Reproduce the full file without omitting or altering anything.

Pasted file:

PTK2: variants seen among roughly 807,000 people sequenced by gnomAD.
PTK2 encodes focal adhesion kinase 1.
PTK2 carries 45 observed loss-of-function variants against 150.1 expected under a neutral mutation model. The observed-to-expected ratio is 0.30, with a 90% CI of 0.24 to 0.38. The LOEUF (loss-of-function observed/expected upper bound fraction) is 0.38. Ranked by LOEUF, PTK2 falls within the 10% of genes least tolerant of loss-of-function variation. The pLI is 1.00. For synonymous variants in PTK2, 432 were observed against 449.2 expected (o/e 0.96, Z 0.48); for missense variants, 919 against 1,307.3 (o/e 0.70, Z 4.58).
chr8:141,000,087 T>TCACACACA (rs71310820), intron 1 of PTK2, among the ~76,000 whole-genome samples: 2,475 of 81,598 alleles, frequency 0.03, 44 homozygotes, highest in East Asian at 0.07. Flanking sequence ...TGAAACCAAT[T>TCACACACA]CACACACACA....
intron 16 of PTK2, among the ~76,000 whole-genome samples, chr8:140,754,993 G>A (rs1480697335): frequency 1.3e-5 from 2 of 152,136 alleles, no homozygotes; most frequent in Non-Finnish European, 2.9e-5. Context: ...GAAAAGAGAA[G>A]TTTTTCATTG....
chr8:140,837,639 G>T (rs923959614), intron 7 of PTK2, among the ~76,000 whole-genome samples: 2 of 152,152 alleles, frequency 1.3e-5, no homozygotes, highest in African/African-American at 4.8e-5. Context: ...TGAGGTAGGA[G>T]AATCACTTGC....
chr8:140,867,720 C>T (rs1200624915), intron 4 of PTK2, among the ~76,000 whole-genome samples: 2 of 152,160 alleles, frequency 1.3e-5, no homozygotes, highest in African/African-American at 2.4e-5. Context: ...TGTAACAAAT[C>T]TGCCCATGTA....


PTK2: variants seen among roughly 807,000 people sequenced by gnomAD.
PTK2 encodes focal adhesion kinase 1.
PTK2 carries 45 observed loss-of-function variants against 150.1 expected under a neutral mutation model. The observed-to-expected ratio is 0.30, with a 90% CI of 0.24 to 0.38. The LOEUF (loss-of-function observed/expected upper bound fraction) is 0.38. Ranked by LOEUF, PTK2 falls within the 10% of genes least tolerant of loss-of-function variation. The pLI is 1.00. For synonymous variants in PTK2, 432 were observed against 449.2 expected (o/e 0.96, Z 0.48); for missense variants, 919 against 1,307.3 (o/e 0.70, Z 4.58).
chr8:141,000,087 T>TCACACACA (rs71310820), intron 1 of PTK2, among the ~76,000 whole-genome samples: 2,475 of 81,598 alleles, frequency 0.03, 44 homozygotes, highest in East Asian at 0.07. Flanking sequence ...TGAAACCAAT[T>TCACACACA]CACACACACA....
intron 16 of PTK2, among the ~76,000 whole-genome samples, chr8:140,754,993 G>A (rs1480697335): frequency 1.3e-5 from 2 of 152,136 alleles, no homozygotes; most frequent in Non-Finnish European, 2.9e-5. Context: ...GAAAAGAGAA[G>A]TTTTTCATTG....
chr8:140,837,639 G>T (rs923959614), intron 7 of PTK2, among the ~76,000 whole-genome samples: 2 of 152,152 alleles, frequency 1.3e-5, no homozygotes, highest in African/African-American at 4.8e-5. Context: ...TGAGGTAGGA[G>T]AATCACTTGC....
chr8:140,867,720 C>T (rs1200624915), intron 4 of PTK2, among the ~76,000 whole-genome samples: 2 of 152,160 alleles, frequency 1.3e-5, no homozygotes, highest in African/African-American at 2.4e-5. Context: ...TGTAACAAAT[C>T]TGCCCATGTA....